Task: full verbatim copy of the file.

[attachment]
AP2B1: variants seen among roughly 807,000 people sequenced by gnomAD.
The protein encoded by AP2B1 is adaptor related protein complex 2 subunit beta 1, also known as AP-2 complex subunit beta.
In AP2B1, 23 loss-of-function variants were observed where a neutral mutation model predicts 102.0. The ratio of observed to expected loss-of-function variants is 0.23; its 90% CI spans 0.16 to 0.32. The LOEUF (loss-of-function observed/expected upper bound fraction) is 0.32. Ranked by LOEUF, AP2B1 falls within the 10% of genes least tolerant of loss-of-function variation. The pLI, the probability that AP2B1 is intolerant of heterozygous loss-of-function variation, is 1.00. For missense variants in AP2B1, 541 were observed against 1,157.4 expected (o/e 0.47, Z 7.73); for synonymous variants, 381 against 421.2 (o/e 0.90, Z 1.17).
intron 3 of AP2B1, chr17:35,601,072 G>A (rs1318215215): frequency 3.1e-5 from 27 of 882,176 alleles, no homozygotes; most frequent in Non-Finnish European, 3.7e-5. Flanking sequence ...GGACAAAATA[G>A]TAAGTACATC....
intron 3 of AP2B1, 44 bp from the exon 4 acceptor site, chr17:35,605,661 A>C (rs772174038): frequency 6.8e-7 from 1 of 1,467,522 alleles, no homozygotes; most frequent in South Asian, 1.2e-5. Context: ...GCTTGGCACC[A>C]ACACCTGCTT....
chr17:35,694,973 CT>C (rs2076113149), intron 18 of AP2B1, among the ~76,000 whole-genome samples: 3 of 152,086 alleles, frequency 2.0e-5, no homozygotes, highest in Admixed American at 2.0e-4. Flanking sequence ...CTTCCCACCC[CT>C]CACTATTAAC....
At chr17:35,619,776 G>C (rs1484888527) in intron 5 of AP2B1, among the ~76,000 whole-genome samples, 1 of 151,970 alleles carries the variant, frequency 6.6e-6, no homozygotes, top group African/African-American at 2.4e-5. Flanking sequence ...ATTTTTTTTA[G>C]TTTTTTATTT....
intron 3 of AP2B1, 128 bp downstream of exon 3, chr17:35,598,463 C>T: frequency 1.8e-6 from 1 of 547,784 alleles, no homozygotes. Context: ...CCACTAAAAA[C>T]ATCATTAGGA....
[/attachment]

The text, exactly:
AP2B1: variants seen among roughly 807,000 people sequenced by gnomAD.
The protein encoded by AP2B1 is adaptor related protein complex 2 subunit beta 1, also known as AP-2 complex subunit beta.
In AP2B1, 23 loss-of-function variants were observed where a neutral mutation model predicts 102.0. The ratio of observed to expected loss-of-function variants is 0.23; its 90% CI spans 0.16 to 0.32. The LOEUF (loss-of-function observed/expected upper bound fraction) is 0.32. Ranked by LOEUF, AP2B1 falls within the 10% of genes least tolerant of loss-of-function variation. The pLI, the probability that AP2B1 is intolerant of heterozygous loss-of-function variation, is 1.00. For missense variants in AP2B1, 541 were observed against 1,157.4 expected (o/e 0.47, Z 7.73); for synonymous variants, 381 against 421.2 (o/e 0.90, Z 1.17).
intron 3 of AP2B1, chr17:35,601,072 G>A (rs1318215215): frequency 3.1e-5 from 27 of 882,176 alleles, no homozygotes; most frequent in Non-Finnish European, 3.7e-5. Flanking sequence ...GGACAAAATA[G>A]TAAGTACATC....
intron 3 of AP2B1, 44 bp from the exon 4 acceptor site, chr17:35,605,661 A>C (rs772174038): frequency 6.8e-7 from 1 of 1,467,522 alleles, no homozygotes; most frequent in South Asian, 1.2e-5. Context: ...GCTTGGCACC[A>C]ACACCTGCTT....
chr17:35,694,973 CT>C (rs2076113149), intron 18 of AP2B1, among the ~76,000 whole-genome samples: 3 of 152,086 alleles, frequency 2.0e-5, no homozygotes, highest in Admixed American at 2.0e-4. Flanking sequence ...CTTCCCACCC[CT>C]CACTATTAAC....
At chr17:35,619,776 G>C (rs1484888527) in intron 5 of AP2B1, among the ~76,000 whole-genome samples, 1 of 151,970 alleles carries the variant, frequency 6.6e-6, no homozygotes, top group African/African-American at 2.4e-5. Flanking sequence ...ATTTTTTTTA[G>C]TTTTTTATTT....
intron 3 of AP2B1, 128 bp downstream of exon 3, chr17:35,598,463 C>T: frequency 1.8e-6 from 1 of 547,784 alleles, no homozygotes. Context: ...CCACTAAAAA[C>T]ATCATTAGGA....